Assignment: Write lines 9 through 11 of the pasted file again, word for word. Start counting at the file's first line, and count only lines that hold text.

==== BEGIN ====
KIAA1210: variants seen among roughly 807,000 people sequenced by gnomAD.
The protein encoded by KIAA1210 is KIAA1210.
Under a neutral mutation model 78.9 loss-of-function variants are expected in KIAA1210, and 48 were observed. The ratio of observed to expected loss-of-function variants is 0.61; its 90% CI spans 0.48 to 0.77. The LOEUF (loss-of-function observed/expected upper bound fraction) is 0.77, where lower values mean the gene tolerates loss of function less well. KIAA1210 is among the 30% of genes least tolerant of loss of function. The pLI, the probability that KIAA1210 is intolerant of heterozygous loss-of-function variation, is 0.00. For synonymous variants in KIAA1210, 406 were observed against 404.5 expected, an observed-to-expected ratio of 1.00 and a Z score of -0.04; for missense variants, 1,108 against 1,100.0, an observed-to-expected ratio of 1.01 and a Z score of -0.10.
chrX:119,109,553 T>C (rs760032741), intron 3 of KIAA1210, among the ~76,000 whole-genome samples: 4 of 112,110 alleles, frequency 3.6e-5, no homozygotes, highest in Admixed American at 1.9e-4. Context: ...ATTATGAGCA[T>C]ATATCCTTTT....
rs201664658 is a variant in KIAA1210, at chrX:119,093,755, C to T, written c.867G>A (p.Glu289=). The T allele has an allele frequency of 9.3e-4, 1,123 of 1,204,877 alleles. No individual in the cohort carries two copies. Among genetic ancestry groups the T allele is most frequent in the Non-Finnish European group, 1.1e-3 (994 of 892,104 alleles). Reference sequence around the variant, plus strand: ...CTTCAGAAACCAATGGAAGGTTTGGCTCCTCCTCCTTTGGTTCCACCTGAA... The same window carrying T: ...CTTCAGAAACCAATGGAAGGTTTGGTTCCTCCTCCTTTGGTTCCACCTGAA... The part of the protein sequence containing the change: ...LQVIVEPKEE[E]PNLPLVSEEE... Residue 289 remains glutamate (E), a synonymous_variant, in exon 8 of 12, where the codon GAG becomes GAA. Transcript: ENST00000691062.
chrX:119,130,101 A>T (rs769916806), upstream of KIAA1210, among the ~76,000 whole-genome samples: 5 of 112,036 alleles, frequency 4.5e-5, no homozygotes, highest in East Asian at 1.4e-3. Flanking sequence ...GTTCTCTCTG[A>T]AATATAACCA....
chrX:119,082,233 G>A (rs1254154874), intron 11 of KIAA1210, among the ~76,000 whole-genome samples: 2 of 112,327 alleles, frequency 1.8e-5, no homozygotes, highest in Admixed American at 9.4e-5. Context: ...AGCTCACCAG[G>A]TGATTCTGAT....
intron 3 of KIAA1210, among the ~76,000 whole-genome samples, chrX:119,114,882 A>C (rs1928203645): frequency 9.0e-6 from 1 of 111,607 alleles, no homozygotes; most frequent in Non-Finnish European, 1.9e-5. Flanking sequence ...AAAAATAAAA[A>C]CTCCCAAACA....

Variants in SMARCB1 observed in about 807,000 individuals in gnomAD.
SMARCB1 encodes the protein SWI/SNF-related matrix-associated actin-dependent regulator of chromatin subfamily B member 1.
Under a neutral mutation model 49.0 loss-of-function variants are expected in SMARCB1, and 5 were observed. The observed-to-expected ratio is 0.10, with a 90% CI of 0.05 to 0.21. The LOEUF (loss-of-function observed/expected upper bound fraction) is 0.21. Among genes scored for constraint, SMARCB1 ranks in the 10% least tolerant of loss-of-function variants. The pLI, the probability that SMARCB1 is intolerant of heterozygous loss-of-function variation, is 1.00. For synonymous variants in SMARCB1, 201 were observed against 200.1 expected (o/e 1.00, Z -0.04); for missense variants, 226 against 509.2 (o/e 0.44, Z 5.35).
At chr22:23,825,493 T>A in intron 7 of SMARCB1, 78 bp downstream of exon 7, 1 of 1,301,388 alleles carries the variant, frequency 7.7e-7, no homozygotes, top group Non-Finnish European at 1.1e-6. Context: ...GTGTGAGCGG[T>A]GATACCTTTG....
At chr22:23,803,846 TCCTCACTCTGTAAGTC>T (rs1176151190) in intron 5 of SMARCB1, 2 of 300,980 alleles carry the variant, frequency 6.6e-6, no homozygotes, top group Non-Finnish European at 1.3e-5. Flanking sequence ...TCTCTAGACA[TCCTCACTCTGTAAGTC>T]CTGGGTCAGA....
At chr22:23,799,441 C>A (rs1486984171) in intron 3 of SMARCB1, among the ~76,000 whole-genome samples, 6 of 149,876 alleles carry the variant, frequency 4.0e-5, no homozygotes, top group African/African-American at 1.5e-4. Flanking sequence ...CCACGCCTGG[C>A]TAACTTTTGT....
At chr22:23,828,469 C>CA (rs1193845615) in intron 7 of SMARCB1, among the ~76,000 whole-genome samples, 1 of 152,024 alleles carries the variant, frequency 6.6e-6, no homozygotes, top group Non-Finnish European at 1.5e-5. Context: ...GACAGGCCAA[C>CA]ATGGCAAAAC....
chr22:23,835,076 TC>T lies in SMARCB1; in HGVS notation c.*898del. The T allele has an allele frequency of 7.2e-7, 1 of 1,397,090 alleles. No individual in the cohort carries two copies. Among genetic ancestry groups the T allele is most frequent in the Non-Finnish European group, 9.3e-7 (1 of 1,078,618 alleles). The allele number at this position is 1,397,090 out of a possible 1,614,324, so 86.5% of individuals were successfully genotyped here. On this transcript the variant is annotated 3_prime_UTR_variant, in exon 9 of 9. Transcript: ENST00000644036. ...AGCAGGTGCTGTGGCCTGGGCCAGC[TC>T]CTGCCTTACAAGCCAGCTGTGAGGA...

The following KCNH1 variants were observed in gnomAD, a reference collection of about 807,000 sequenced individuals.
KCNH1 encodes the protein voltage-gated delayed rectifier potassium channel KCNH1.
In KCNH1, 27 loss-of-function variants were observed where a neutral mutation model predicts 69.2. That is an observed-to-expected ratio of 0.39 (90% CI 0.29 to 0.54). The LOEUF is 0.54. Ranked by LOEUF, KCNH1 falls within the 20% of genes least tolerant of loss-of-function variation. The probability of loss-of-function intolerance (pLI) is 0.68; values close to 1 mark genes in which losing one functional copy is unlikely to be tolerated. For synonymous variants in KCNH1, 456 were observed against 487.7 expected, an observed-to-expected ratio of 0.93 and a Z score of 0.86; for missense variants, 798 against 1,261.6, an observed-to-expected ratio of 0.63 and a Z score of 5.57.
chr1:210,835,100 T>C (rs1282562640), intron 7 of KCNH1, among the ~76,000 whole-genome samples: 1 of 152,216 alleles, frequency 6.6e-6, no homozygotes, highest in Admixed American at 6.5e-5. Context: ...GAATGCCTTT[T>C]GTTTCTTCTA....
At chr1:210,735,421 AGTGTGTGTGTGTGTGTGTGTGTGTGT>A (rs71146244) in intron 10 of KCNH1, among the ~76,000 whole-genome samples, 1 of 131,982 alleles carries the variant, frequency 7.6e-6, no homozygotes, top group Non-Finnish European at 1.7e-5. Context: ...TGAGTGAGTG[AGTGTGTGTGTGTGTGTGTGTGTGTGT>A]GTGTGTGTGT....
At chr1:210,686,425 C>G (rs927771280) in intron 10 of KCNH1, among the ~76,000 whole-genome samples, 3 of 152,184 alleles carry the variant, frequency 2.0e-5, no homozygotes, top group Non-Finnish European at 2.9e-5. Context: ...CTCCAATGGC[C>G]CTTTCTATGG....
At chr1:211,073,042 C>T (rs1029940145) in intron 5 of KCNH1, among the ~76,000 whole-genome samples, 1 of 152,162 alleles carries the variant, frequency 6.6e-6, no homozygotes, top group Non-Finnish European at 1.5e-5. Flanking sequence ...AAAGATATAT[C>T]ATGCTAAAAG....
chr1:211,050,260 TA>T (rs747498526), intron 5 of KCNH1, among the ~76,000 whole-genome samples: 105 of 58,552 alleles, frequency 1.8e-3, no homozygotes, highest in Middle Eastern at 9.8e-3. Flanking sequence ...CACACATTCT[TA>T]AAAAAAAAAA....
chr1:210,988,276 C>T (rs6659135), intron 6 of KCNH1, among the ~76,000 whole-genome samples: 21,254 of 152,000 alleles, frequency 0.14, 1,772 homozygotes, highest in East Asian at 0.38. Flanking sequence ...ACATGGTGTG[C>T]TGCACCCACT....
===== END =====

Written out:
Variants in SMARCB1 observed in about 807,000 individuals in gnomAD.
SMARCB1 encodes the protein SWI/SNF-related matrix-associated actin-dependent regulator of chromatin subfamily B member 1.
Under a neutral mutation model 49.0 loss-of-function variants are expected in SMARCB1, and 5 were observed. The observed-to-expected ratio is 0.10, with a 90% CI of 0.05 to 0.21. The LOEUF (loss-of-function observed/expected upper bound fraction) is 0.21. Among genes scored for constraint, SMARCB1 ranks in the 10% least tolerant of loss-of-function variants. The pLI, the probability that SMARCB1 is intolerant of heterozygous loss-of-function variation, is 1.00. For synonymous variants in SMARCB1, 201 were observed against 200.1 expected (o/e 1.00, Z -0.04); for missense variants, 226 against 509.2 (o/e 0.44, Z 5.35).